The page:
Much to the incredulity of the elite political class, Donald Trump is rapidly closing the gap and even surpassing Hillary Clinton. This extends to the critical electoral college swing states. Trump can stumble. Hillary could reboot and change the calculus. That said, right now: advantage Trump.
It gets harder with each passing day to change the fundamental dynamics of the race. The core dynamics of this are masked by a mainstream media preoccupation with non-issues such as Clinton’s walking pneumonia, Trump’s acknowledgement that Obama was born in Hawaii, and so forth.
All that is noise. Few voters care about such trivia. Rather, voters care about prosperity, peace, and who seems better able to protect their interests and their values.
Above all, now, the voters care about the American Dream, composed of two elements: Prosperity and Economic Justice.
Both are legitimate and essential.
Trump was the one Republican candidate during the primaries who drew a line in the sand against cutting Social Security benefits. He threatens punitive action against Big Business for shipping jobs to cheap labor places like Mexico. Believe it or not … like it or not … the message “I’m with you” resonates with workers. (Full disclosure, I’m proudly a dues paying member of the AFL-CIO.)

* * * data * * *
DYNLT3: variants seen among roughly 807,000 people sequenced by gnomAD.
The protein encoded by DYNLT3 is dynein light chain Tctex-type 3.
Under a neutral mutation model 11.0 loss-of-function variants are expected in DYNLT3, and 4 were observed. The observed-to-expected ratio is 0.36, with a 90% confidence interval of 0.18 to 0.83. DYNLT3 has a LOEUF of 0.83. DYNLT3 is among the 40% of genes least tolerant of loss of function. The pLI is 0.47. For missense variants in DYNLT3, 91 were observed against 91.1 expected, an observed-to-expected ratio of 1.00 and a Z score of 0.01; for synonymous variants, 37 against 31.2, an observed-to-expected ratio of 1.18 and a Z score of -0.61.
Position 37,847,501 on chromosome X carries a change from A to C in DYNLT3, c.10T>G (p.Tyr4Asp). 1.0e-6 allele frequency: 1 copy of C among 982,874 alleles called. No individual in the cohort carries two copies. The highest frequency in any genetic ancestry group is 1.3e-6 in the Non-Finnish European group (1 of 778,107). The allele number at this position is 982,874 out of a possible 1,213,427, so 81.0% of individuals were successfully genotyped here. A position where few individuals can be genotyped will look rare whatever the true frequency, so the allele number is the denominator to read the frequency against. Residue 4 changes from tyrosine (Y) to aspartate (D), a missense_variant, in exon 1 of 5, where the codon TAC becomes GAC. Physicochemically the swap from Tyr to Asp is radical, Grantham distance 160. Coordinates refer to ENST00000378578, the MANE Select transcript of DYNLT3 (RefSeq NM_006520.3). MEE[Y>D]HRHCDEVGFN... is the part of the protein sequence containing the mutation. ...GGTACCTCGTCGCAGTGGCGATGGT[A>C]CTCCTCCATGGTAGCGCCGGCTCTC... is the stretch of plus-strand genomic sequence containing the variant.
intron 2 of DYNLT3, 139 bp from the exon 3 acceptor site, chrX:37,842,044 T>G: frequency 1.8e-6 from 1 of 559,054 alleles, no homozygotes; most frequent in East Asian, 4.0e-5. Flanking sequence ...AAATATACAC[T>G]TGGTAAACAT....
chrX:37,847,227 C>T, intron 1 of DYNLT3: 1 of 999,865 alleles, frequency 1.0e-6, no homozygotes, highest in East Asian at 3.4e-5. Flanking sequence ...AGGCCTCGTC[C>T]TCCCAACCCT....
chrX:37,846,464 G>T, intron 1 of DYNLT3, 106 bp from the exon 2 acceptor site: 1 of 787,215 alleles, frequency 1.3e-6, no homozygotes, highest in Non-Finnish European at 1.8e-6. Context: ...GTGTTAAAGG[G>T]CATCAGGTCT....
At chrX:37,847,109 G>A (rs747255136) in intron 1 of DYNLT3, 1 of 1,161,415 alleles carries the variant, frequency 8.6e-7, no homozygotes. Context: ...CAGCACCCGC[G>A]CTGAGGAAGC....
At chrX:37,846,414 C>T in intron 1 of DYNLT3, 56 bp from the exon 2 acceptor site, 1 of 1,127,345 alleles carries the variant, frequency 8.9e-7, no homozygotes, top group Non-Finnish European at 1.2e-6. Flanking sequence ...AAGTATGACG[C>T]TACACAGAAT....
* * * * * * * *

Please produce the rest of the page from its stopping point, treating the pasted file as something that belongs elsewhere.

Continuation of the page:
I’ll take a boss who breaches etiquette but offers raises, bonuses, and opportunity for promotions. That’s preferable to one who has excellent manners but would manage the company – America — so there was no way up for me. I’d rather have a boss who was committed to making the company — America — great, giving me both pride and a fighting chance to rise.
Clinton leans heavily toward economic justice. That’s admirable. That said, she’s been deficient in charting a course toward prosperity to go with it. As Churchill once said in a speech in the House of Commons (22 October 1945), “The inherent vice of capitalism is the unequal sharing of blessings; the inherent virtue of socialism is the equal sharing of miseries.” JFK, on the other hand, said, “a rising tide lifts all boats.”
I am not here implying in any way that Clinton is a socialist. That said, the progressive policies she proposes, perhaps reluctantly due to her battles during the primaries with an authentic democratic socialist, carry rather more the whiff of shared misery than the vim and vigor of a rising tide. And after eight years – sixteen, to be fair – of sharing miseries, more misery, even virtuously shared, is not what the majority of voters want.
Ralph Benko, internationally published weekly columnist, co-author of The 21st Century Gold Standard, lead co-editor of the Gerald Malsbary translation from Latin to English of Copernicus’s Essay on Money, is American Principles Project’s Senior Advisor, Economics.